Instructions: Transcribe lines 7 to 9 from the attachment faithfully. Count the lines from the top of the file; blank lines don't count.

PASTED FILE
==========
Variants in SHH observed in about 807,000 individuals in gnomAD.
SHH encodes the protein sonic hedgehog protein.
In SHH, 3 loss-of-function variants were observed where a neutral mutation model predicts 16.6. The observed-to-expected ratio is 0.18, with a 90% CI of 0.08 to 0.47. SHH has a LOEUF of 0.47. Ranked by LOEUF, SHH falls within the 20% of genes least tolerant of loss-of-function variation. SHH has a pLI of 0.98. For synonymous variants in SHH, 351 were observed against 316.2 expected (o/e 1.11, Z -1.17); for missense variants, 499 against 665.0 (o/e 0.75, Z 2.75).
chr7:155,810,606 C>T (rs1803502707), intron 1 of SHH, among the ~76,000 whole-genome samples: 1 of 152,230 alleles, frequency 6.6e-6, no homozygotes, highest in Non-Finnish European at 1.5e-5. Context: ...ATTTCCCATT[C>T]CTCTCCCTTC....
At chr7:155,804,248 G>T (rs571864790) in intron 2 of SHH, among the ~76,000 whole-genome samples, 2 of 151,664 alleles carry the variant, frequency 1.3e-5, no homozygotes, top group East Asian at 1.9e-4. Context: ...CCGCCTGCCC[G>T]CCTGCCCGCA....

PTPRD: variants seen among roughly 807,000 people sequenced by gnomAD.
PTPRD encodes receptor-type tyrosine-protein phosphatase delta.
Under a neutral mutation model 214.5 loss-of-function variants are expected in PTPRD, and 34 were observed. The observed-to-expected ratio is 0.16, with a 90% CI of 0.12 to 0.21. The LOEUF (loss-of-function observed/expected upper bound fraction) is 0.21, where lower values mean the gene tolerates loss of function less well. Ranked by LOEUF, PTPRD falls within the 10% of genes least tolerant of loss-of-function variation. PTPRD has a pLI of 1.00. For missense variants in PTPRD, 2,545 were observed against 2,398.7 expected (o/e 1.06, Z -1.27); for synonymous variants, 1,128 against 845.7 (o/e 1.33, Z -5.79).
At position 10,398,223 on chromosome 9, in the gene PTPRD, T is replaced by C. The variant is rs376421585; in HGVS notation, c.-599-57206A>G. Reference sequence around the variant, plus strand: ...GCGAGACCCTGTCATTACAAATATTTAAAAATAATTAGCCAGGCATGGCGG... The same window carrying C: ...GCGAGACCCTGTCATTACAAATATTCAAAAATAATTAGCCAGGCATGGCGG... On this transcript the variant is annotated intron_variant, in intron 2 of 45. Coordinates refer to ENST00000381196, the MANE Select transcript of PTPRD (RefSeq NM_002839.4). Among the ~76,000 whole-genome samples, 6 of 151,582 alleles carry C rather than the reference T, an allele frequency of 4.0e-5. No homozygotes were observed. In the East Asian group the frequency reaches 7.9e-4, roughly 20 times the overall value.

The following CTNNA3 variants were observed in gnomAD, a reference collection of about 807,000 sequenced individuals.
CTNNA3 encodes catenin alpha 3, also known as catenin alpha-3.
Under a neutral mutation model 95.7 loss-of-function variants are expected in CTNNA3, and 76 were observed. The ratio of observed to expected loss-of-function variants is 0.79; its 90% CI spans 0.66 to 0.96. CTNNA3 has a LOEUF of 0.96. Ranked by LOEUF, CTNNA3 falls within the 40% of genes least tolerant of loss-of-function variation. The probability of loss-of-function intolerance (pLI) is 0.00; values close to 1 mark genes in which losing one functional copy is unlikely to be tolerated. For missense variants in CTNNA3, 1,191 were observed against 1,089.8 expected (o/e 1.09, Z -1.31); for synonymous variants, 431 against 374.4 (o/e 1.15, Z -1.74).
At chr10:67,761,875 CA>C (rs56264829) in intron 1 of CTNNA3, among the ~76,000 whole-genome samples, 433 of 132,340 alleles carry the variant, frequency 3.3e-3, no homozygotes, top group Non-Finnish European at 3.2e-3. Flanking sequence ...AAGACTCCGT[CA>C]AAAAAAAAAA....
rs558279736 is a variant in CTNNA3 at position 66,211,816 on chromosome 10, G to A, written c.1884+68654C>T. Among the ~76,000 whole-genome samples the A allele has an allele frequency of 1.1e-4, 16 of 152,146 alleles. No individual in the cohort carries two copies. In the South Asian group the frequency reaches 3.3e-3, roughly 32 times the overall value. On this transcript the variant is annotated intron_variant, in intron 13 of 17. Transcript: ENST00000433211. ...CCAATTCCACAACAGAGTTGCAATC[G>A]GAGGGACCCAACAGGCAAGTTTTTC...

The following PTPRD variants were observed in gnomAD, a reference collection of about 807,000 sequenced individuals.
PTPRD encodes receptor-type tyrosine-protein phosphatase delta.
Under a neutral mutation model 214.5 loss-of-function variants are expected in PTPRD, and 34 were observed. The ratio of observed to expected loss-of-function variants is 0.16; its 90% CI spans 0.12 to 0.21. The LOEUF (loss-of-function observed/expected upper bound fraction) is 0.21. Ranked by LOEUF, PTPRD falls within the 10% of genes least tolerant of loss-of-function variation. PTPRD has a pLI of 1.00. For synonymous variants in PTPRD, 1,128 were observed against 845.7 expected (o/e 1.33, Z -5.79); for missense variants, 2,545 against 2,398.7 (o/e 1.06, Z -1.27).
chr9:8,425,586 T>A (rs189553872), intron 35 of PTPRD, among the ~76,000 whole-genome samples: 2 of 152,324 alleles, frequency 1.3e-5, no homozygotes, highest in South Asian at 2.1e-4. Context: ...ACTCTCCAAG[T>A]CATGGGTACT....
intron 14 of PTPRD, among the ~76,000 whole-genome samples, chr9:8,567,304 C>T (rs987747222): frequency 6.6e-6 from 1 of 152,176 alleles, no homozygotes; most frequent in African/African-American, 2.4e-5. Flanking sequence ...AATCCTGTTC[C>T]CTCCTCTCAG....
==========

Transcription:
PTPRD encodes receptor-type tyrosine-protein phosphatase delta.
Under a neutral mutation model 214.5 loss-of-function variants are expected in PTPRD, and 34 were observed. The observed-to-expected ratio is 0.16, with a 90% CI of 0.12 to 0.21. The LOEUF (loss-of-function observed/expected upper bound fraction) is 0.21, where lower values mean the gene tolerates loss of function less well. Ranked by LOEUF, PTPRD falls within the 10% of genes least tolerant of loss-of-function variation. PTPRD has a pLI of 1.00. For missense variants in PTPRD, 2,545 were observed against 2,398.7 expected (o/e 1.06, Z -1.27); for synonymous variants, 1,128 against 845.7 (o/e 1.33, Z -5.79).
At position 10,398,223 on chromosome 9, in the gene PTPRD, T is replaced by C. The variant is rs376421585; in HGVS notation, c.-599-57206A>G. Reference sequence around the variant, plus strand: ...GCGAGACCCTGTCATTACAAATATTTAAAAATAATTAGCCAGGCATGGCGG... The same window carrying C: ...GCGAGACCCTGTCATTACAAATATTCAAAAATAATTAGCCAGGCATGGCGG... On this transcript the variant is annotated intron_variant, in intron 2 of 45. Coordinates refer to ENST00000381196, the MANE Select transcript of PTPRD (RefSeq NM_002839.4). Among the ~76,000 whole-genome samples, 6 of 151,582 alleles carry C rather than the reference T, an allele frequency of 4.0e-5. No homozygotes were observed. In the East Asian group the frequency reaches 7.9e-4, roughly 20 times the overall value.